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View Diary: Obama Spokesman Robert Gibbs (304 comments)

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  •  On the second part I agree, but on the (2+ / 0-)
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    talex, Sam I Am

    first part I think the Clintons look pretty lame complaining about one of their previous supporter's obvious disenchantment with them.  I don't really think Geffen's comments about the Clintons had a thing to do with Obama.  Geffen and the Clintons have a much longer history than Geffen and Obama do.  The Clintons objections are sort of like an ex-husband asking his ex-wife's new husband to denounce the ex-wife for saying something bad about him.  At least that is how it strikes me anyway.

    •  Well They Did Have To Do (2+ / 0-)
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      Athena, inclusiveheart

      with Obama because of the fund raising. Which is exactly why Obama got dragged into it by the press. And again he didn't handle it in a good fashion at all.

      As for Clinton she could have handled it better also by just brushing Geffen's comments off with a laugh and a joke. Now whether she was just clumsy or used it to take a shoot at Obama who knows. But what I do know is Obama's renouncement of slash and burn politics is BS.

      "You Have The Power!" - Howard Dean

      by talex on Thu Feb 22, 2007 at 01:48:45 PM PST

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      •  Technically Obama works for Geffen though (1+ / 0-)
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        Sam I Am

        and not the other way around.  Strictly in the sense that the money flows from Geffen to Obama if you see what I mean.  You can't have any expectation that Obama can control what Geffen says - that is what the Clintons want you to think though.  You might not have seen Hardball last night - the Clinton guy was all about trying to make people think that Geffen could be controlled by Obama.  Funny how the Clintons didn't manage to do that and lost his support.  I personally think they come off like the big losers ultimately here.  If I had been that communications guy alloted all that time on a national cable show (he had two segments), I would have addressed the dust up for about a minute and tried to talk about what my candidate wants to do.  Instead he really just couldn't get over himself and this Geffen thing.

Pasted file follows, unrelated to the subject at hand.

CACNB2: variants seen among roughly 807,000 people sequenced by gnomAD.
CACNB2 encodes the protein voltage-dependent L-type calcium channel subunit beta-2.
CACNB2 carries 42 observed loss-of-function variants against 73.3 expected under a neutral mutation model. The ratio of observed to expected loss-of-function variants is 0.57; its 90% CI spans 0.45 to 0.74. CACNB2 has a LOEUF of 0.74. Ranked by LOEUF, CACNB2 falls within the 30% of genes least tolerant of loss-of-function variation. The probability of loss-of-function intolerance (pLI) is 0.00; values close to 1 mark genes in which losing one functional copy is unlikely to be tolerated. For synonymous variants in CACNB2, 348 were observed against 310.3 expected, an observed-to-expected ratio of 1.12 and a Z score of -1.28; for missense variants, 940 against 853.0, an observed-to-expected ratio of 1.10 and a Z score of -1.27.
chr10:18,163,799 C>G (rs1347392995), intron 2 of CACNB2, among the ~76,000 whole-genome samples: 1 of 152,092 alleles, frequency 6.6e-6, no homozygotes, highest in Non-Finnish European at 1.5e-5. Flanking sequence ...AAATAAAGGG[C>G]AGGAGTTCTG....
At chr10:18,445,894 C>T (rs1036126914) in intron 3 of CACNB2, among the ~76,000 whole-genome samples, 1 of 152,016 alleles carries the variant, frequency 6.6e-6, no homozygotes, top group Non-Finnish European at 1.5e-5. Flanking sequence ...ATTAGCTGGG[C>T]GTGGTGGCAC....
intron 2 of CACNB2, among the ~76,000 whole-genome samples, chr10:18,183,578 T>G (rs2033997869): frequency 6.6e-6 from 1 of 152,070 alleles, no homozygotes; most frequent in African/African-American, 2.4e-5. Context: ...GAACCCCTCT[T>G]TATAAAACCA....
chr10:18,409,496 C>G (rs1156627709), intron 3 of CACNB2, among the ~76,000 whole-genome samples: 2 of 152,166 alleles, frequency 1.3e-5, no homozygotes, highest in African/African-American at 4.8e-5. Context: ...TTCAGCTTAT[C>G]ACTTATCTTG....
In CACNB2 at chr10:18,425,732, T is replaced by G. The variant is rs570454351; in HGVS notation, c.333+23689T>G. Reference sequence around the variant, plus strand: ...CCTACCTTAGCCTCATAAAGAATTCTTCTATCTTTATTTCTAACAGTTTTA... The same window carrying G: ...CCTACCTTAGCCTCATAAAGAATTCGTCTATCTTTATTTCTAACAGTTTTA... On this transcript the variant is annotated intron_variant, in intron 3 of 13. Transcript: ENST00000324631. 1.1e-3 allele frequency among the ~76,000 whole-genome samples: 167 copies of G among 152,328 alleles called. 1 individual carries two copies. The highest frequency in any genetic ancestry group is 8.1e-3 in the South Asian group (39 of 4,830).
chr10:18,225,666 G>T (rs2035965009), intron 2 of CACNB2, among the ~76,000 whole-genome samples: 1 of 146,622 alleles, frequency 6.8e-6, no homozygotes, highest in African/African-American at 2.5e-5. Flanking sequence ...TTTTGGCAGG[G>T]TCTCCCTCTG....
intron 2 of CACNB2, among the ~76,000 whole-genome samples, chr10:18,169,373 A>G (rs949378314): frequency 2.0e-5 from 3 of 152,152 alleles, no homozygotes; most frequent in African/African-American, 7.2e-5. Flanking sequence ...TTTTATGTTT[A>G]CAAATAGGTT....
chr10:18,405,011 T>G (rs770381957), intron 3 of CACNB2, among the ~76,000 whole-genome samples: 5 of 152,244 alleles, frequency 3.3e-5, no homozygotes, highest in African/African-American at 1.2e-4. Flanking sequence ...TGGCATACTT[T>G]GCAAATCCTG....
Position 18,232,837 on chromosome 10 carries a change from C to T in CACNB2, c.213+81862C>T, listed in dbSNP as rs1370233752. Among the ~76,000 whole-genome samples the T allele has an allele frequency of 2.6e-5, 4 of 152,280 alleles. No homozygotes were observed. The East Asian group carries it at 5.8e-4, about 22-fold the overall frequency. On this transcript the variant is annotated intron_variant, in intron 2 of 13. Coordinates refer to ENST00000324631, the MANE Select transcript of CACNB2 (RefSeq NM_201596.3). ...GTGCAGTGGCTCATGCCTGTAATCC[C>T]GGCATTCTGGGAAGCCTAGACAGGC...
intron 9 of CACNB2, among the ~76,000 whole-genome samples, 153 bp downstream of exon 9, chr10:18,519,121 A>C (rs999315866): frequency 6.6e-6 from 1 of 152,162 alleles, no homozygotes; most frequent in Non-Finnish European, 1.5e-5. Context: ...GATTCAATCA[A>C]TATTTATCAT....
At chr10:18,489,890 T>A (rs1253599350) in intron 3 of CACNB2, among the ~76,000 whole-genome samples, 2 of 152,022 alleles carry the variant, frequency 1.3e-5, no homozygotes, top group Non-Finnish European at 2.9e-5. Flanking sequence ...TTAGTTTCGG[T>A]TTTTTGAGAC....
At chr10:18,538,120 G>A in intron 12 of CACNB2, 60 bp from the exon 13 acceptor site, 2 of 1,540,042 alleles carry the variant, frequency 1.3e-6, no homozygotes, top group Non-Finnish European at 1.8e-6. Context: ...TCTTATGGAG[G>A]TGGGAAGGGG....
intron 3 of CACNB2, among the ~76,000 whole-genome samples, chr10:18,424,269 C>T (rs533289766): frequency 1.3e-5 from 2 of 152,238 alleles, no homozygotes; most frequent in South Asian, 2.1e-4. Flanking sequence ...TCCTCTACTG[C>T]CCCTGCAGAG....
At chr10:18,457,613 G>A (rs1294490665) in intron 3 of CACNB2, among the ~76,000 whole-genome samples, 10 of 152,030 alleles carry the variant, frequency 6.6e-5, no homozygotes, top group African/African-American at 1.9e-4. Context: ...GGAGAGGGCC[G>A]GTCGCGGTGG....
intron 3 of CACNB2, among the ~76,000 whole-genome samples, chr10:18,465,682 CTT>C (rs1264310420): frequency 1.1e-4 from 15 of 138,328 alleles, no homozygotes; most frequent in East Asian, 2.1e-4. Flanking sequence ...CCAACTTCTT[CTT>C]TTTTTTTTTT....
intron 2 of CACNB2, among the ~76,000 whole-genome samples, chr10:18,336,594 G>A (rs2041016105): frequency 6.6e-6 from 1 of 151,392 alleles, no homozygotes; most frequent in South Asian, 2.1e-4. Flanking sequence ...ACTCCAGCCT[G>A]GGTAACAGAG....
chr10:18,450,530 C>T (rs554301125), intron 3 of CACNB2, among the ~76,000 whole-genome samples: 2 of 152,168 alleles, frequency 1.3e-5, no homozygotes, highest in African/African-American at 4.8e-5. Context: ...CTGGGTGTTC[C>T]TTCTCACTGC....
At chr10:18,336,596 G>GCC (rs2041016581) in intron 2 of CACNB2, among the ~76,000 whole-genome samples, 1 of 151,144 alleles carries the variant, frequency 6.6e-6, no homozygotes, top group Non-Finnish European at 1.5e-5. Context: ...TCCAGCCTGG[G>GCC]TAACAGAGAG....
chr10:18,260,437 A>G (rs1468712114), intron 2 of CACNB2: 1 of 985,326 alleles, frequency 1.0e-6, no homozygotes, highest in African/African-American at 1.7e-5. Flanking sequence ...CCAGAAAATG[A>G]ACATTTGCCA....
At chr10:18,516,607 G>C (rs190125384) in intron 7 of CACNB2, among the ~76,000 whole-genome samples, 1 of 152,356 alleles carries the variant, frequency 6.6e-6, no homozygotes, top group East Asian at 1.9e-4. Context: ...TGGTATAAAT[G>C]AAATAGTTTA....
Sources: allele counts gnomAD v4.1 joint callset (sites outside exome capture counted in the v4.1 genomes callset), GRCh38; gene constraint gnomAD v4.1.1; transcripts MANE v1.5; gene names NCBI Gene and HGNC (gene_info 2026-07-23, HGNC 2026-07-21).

Anyhow, Obama has not risen to any super-hero status in my mind.  He'll actually have to do something to achieve that and stop talking about "third way" bs and the politics of politics that have nothing to do with actual issues that I care about.  Frankly, I long for the days of a cruel and calculating Lyndon Johnson because he did things like gave us the Voting Rights Act and the Civil Rights Act and never pretended that you had to be "nice" to be effective.

        •  Scary (1+ / 0-)
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          You say Obama works for Geffen. That says it all about how screwed up the election process is. If a guy gives you money you march to the beat of his drum? Well that's is true in some respects as we know. But saying the words 'works for' is a might strong. But then again maybe not.

          Anyway I think Obama or anyone else running for that matter can ask someone outside their campaign to turn down their rhetoric. If the candidate tells a supporter that what they are saying is not helpful or consistent with the campaign and that supporter does not respect the candidates request then what type of "supporter are they really? And if the candidate does not ask the supporter to quit saying or  doing something (i.e. Bush & Swiftboaters) then what does that say about the candidate?

          "You Have The Power!" - Howard Dean

          by talex on Thu Feb 22, 2007 at 02:26:38 PM PST

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          •  It is scary, but I think it is the reality. (1+ / 0-)
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            I know it is strong, but the Clintons were trying to paint it in the opposite and that is effectively a misrepresenation.  In fact, they all work for us.  The distinction between a "good guy" in politics and a "bad guy" is the good guy doesn't think that the only people they work for are the ones who send them checks or raise money for their campaigns.

            •  Scary (0+ / 0-)

              The notion that an elected official or a candidate "works for" the people who fund his or her campaign is scary, and, I think, inaccurate.  None of the candidates I've worked for ever felt that they worked for their donors.  The elected official works for the voters who elect her.  There is a lot of appreciation for donors, but the donors to any particular candidate may themselves disagree often enough.  What happens then?  Does the politician have to "disobey" one of his bosses and "get fired"?  

              I appreciate the point you're making about how Obama doesn't necessarily have any control over what one of his funders says about an opponent.  I get it--Obama is at this moment appreciating Geffen's help with fundraising, and unlikely to call Geffen and say "Apologize!"  The power in that relationship works completely differently than Obama simply telling Geffen what to say.  

              But Geffen can't tell Obama what to say either.  Obama doesn't work for Geffen.

              "Calmer than you are."

              by Sheffield on Thu Feb 22, 2007 at 07:52:07 PM PST

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